Teaching My Family Sustainability

Three Possible Ways To Recycle Number Five Plastic (Polypropylene)

As an environmentally conscious citizen, you may be troubled by the lack of comprehensive recycling services in cities throughout the country. Although some cities do accept recyclable plastic with numbers one through seven, many more do not. The most frequently recycled plastics are #1, PETE plastic, and #2, HDPE plastic. Yet many food containers, such as yogurt and cottage cheese containers, are labeled #5, meaning that they're made of polypropylene. Some people try to reduce and reuse these types of plastic because of the more limited recycling options, but before you choose that route, try these three recycling options.

1. Check your municipal recycling system and resources.

If your city is environmentally conscious, it may have a growing recycling program. Check for recent developments and make sure you keep up to date with which types of plastic are accepted. If the municipal system doesn't accept polypropylene yet but plans to within a few months, you may want to save yours up in anticipation of the date. Another option if you don't have enough storage room is to send your stash to a friend whose city does accept polypropylene.

2. Find a mail-in program.

Nationwide mail-in recycling projects have been set up for many odd items that won't fit in with municipal recycling programs. Programs exist for everything from prosthetic limbs to packing peanuts, and the only cost associated with the recycling opportunity is generally the shipping charge. One such program is geared toward recycling number five plastic, and it's even easier than most because delivery options include both drop-off (at various locations across the country) and mail-in. If a drop-off location is situated in your area, you don't even have to pay for shipping.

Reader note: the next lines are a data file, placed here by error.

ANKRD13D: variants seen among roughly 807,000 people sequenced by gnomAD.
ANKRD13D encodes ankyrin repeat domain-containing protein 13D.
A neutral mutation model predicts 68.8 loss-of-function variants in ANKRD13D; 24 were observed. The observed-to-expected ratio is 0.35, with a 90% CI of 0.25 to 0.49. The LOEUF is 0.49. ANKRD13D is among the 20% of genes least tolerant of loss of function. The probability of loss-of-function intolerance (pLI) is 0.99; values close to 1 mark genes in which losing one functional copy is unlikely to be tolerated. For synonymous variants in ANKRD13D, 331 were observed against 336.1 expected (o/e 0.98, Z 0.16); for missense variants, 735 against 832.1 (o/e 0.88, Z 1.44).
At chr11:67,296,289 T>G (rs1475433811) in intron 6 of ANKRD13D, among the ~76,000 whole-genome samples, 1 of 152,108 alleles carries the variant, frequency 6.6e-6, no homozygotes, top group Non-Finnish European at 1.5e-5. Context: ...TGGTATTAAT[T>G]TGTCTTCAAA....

3. Locate a nearby recycling plant.

Local private recycling companies may offer the type of recycling you're looking for. A search engine can help you find the right plant, and you can call the company to find out whether they accept drop-off donations of the type you're trying to recycle. This tip is useful for any type of plastic your city doesn't recycle, not just polypropylene.

With these three recycling methods up your sleeve, you don't have to despair of saving the planet. Try all three options for your polypropylene and see which one works best for you. Then get involved with asking your city to amp up the recycling program until you can put all types of plastic in your curbside bin.

For more information, contact Uribe Refuse Services Inc. or a similar company.